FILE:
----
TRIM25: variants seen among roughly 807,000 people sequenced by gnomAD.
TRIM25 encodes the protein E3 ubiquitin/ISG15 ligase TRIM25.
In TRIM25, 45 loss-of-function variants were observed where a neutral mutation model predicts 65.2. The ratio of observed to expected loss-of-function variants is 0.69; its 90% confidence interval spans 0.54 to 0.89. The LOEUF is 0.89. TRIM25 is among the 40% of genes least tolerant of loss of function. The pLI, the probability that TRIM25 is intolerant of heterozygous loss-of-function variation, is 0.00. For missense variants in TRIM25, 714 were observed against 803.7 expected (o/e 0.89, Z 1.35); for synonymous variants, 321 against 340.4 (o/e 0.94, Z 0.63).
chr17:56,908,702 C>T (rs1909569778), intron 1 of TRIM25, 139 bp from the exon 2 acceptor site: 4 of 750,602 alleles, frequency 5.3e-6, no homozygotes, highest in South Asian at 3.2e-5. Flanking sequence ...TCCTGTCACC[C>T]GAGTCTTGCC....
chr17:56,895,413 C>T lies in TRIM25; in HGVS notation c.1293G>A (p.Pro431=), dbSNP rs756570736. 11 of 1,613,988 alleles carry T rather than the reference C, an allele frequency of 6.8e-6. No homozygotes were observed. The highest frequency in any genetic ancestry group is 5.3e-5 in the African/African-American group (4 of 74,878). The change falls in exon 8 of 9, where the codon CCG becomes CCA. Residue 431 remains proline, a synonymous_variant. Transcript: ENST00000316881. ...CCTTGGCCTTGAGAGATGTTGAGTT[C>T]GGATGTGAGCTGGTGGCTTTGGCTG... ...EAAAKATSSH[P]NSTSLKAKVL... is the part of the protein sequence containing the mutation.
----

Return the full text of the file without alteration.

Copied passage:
TRIM25: variants seen among roughly 807,000 people sequenced by gnomAD.
TRIM25 encodes the protein E3 ubiquitin/ISG15 ligase TRIM25.
In TRIM25, 45 loss-of-function variants were observed where a neutral mutation model predicts 65.2. The ratio of observed to expected loss-of-function variants is 0.69; its 90% confidence interval spans 0.54 to 0.89. The LOEUF is 0.89. TRIM25 is among the 40% of genes least tolerant of loss of function. The pLI, the probability that TRIM25 is intolerant of heterozygous loss-of-function variation, is 0.00. For missense variants in TRIM25, 714 were observed against 803.7 expected (o/e 0.89, Z 1.35); for synonymous variants, 321 against 340.4 (o/e 0.94, Z 0.63).
chr17:56,908,702 C>T (rs1909569778), intron 1 of TRIM25, 139 bp from the exon 2 acceptor site: 4 of 750,602 alleles, frequency 5.3e-6, no homozygotes, highest in South Asian at 3.2e-5. Flanking sequence ...TCCTGTCACC[C>T]GAGTCTTGCC....
chr17:56,895,413 C>T lies in TRIM25; in HGVS notation c.1293G>A (p.Pro431=), dbSNP rs756570736. 11 of 1,613,988 alleles carry T rather than the reference C, an allele frequency of 6.8e-6. No homozygotes were observed. The highest frequency in any genetic ancestry group is 5.3e-5 in the African/African-American group (4 of 74,878). The change falls in exon 8 of 9, where the codon CCG becomes CCA. Residue 431 remains proline, a synonymous_variant. Transcript: ENST00000316881. ...CCTTGGCCTTGAGAGATGTTGAGTT[C>T]GGATGTGAGCTGGTGGCTTTGGCTG... ...EAAAKATSSH[P]NSTSLKAKVL... is the part of the protein sequence containing the mutation.